Our work was motivated by discoveries of prokaryotic communities that survive with little nutrient in ice and permafrost, with implications for past or present microbial life in Martian permafrost and Europan ice. We compared the temperature dependence of metabolic rates of microbial communities in permafrost, ice, snow, clouds, oceans, lakes, marine and freshwater sediments, and subsurface aquifer sediments. Metabolic rates per cell fall into three groupings: (i) a rate, microg(T), for growth, measured in the laboratory at in situ temperatures with minimal disturbance of the medium; (ii) a rate, microm(T), sufficient for maintenance of functions but for a nutrient level too low for growth; and (iii) a rate, micros(T), for survival of communities imprisoned in deep glacial ice, subsurface sediment, or ocean sediment, in which they can repair macromolecular damage but are probably largely dormant. The three groups have metabolic rates consistent with a single activation energy of approximately 110 kJ and that scale as microg(T):microm(T):micros(T) approximately 10(6):10(3):1. There is no evidence of a minimum temperature for metabolism. The rate at -40 degrees C in ice corresponds to approximately 10 turnovers of cellular carbon per billion years. Microbes in ice and permafrost have metabolic rates similar to those in water, soil, and sediment at the same temperature. This finding supports the view that, far below the freezing point, liquid water inside ice and permafrost is available for metabolism. The rate micros(T) for repairing molecular damage by means of DNA-repair enzymes and protein-repair enzymes such as methyltransferase is found to be comparable to the rate of spontaneous molecular damage.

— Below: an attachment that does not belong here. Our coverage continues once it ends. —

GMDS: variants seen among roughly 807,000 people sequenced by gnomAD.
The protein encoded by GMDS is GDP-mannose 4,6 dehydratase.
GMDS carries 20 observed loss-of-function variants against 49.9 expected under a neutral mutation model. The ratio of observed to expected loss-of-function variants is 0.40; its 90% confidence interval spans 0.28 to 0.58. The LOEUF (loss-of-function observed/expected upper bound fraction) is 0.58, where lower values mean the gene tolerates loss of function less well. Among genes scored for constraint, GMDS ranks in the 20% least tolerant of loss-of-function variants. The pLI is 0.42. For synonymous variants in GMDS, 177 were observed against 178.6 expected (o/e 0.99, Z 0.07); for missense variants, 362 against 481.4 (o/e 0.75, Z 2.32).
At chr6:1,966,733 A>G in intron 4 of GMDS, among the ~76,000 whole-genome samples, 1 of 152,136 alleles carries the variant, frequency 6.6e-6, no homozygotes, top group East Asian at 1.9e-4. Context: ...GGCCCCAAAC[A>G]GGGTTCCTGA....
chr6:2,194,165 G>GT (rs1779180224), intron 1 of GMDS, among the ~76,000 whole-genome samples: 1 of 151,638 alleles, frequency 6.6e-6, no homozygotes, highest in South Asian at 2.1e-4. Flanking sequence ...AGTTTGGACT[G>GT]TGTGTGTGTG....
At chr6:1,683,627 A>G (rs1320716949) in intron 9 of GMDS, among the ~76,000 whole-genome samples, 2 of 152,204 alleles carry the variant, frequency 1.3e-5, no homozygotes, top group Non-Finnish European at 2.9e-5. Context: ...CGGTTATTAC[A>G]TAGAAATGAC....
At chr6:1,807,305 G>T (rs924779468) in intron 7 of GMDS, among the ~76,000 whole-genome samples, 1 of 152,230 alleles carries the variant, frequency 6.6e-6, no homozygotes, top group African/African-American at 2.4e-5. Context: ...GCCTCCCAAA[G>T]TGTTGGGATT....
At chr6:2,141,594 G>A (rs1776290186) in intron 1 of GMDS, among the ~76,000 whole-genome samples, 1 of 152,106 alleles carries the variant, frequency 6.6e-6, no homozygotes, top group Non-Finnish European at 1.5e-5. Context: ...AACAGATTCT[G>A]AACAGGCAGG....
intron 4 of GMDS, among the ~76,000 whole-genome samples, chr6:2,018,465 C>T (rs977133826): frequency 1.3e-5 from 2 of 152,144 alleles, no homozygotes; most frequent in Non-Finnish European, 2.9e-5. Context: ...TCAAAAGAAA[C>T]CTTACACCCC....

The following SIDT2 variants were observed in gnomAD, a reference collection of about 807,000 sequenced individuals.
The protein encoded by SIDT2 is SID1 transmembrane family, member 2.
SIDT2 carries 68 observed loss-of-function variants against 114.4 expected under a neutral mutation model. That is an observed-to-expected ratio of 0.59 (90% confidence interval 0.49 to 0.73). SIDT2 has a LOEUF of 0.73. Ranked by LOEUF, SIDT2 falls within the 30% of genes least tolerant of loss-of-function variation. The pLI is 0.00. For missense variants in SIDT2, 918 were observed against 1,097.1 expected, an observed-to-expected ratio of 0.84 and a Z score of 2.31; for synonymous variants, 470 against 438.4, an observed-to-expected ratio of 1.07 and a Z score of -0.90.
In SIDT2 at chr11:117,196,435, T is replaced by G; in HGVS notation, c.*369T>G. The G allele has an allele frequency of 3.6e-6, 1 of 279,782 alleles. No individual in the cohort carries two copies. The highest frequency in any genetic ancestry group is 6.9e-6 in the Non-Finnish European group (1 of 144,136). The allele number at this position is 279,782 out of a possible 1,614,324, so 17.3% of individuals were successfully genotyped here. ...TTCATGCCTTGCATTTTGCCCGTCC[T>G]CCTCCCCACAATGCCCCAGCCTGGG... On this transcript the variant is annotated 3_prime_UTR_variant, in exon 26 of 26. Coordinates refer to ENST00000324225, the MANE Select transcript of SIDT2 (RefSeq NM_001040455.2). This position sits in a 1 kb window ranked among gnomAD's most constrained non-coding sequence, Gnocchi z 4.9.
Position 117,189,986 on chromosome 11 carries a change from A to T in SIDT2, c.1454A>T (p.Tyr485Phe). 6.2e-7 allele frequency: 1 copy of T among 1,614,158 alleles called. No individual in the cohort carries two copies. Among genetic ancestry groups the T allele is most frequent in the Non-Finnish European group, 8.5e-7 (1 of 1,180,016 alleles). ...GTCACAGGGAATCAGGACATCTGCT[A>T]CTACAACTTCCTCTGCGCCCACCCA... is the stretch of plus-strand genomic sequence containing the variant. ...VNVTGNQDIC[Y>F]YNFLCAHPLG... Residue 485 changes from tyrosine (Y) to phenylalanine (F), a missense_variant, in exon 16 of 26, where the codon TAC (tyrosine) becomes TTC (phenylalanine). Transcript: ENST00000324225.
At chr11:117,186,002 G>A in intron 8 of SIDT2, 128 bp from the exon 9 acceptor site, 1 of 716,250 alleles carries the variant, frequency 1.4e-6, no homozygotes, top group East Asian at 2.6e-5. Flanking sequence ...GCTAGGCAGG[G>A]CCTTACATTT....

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              Metabolic activity of permafrost bacteria below the freezing point.